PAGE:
The continuing remake of Fiverr, a site that once encouraged freelancers to do odd jobs for just $5, has the site urging freelancers who have experience to go “pro.” Workers with mad skills in everything from artificial intelligence to video production are needed to work with big businesses and big budgets, Fiverr officials say.
The move is likely to make working through Fiverr increasingly attractive for freelancers who can meet the site’s “pro” criteria.
Here’s what’s happening and how it’s likely to impact you.
What’s Fiverr and why should I care?
Fiverr, like Upwork, is a broad-based job platform, where freelancers can find work in some 600 different categories, from accounting to video production. However, on other platforms, workers essentially “bid” on project requests initiated by clients. That can lead to bidding wars where the lowest-cost provider gets the job. Freelancers on other platforms also complain that they waste a lot of time submitting bids that don’t land jobs. And, since clients initiate the requests, there’s no way to standardize your business to make your work more efficient.
The process is reversed at Fiverr. Here freelancers say what they do; what they charge; when they’ll deliver the service; and whether they offer “extras,” such as expedited delivery. Clients search for the service they want and pick among the offers/freelancers listed on the site.
If a client wants to buy a service, they order it like you would order a meal in a restaurant. Customers pay when they order. When the job is delivered, payment is released to the freelancer. There’s no bidding or negotiating.
And because freelance offers are standardized, jobs can often be accomplished in an efficient, assembly-line fashion. Freelancers say that makes Fiverr an attractive place to earn money.
However, Fiverr is always fighting with its history. When this platform launched, it was all about buying and offering cheap work — things that could be done for $5. The $5 jobs that the site was named after barely exist anymore. But many freelancers and businesses still see Fiverr as the Walmart of freelance.
Even now, the site is a repository for some of the most random job offers ever. You can, for instance, ask a Fiverr freelancer to “put a hex on your ex” for $15. Or to “cast a love spell” for $20. Freelancers on Fiverr offer psychic readings, curse removal and voodoo, too.
But where odd-ball offers were once ubiquitous and prominent on Fiverr, they now make up a small and hard-to-find fraction of the site. Job listings are now dominated by traditional work, like graphic and website design, writing, marketing, and business services.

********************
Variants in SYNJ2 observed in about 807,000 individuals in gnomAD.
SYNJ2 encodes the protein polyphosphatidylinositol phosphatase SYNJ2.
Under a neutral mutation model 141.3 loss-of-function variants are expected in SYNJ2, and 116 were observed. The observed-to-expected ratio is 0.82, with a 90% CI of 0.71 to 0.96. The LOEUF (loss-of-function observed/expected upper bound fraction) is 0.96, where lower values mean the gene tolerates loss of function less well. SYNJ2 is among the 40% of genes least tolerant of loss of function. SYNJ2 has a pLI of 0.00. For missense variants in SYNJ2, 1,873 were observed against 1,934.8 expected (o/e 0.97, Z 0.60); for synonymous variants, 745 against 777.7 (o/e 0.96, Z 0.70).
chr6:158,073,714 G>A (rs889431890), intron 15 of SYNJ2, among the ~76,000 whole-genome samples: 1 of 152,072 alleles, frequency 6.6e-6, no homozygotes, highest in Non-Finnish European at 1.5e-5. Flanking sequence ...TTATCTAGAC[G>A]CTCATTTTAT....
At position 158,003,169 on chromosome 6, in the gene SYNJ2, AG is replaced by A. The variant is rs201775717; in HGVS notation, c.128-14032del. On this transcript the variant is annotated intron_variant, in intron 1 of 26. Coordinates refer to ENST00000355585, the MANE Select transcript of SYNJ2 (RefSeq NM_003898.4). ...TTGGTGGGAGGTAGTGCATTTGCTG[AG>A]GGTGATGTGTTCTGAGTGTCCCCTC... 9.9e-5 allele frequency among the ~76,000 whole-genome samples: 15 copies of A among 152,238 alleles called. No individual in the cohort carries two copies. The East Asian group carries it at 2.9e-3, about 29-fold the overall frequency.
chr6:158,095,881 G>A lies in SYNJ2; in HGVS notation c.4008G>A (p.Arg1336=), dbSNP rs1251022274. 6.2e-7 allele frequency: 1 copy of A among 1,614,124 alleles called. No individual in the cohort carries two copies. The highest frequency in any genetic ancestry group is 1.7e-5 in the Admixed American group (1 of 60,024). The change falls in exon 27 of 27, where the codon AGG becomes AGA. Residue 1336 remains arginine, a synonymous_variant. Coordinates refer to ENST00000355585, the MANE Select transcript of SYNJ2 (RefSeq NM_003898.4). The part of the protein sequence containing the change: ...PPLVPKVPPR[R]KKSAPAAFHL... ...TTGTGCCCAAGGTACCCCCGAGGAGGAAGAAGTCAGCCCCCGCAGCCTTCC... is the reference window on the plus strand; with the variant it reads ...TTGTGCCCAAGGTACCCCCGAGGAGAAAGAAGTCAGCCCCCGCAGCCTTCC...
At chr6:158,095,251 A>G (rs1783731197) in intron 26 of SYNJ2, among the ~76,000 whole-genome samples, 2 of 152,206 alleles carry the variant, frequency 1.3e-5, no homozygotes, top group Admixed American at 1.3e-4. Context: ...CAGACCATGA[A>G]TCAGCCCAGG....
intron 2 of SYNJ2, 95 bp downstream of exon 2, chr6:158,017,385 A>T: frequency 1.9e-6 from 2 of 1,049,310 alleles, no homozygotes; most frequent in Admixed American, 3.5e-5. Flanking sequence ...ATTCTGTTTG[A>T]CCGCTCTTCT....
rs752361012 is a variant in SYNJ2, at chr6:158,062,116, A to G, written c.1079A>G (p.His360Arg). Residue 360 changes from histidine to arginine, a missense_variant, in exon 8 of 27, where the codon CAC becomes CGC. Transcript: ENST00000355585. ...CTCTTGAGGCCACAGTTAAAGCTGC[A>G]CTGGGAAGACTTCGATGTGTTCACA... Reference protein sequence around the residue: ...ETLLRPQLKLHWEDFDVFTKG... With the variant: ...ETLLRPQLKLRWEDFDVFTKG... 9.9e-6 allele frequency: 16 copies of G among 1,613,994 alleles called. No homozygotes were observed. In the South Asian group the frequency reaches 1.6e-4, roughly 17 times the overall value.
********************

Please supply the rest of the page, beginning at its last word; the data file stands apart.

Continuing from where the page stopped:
Last year, 4.3 million projects were ordered through Fiverr, with an average project value of $262 — an 8% increase from the year before. Notably, ten years ago, the average project value was a mere $64, some 300% less than it is today.
Fiverr is now actively courting Fortune 500 customers, who want to fill skill gaps or complete projects with freelance help. At the same time, the site has quietly sorted through thousands of freelancers registered on the site to recognize those with the most experience and best records with clients.
Fiverr awards these individuals with “pro” and “rising star” badges to signal that they’ve been vetted by the site and found to be extraordinary.
These badges boost you in the site’s search algorithm, tip prospective clients to your elevated status, allow you to offer more services and, essentially, to charge more.
To be clear, Fiverr doesn’t set freelance rates. Freelancers determine their own rates. However, the site puts some restrictions on newcomers. Those restrictions affect the number of projects you can offer through the site and the maximum amount you can charge for them.
However, freelancers who build up a positive track record with the site face fewer restrictions on both the number of projects they can offer and the maximum pricing.
Applying for “pro” status
And the freelancers who get “pro” designations are tapped to work with big business clients. That doesn’t necessarily mean you’ll charge more per hour. However, big business clients are far less price sensitive than small companies and individuals, says Shai-Lee Spigelman, general manager of Fiverr Pro.
What does it take to be a pro?
You need to have experience to go pro, says Spigelman. The site expects at least two to five years of verifiable experience in your field. In addition, pros must exhibit high levels of dependability, on-time performance, and communication.
With existing freelancers, Fiverr ferrets out these traits by looking at the number of projects that freelancer has completed, his or her customer ratings, as well as project response and completion rates. All of these statistics must be in the excellent category for the site to consider you a pro.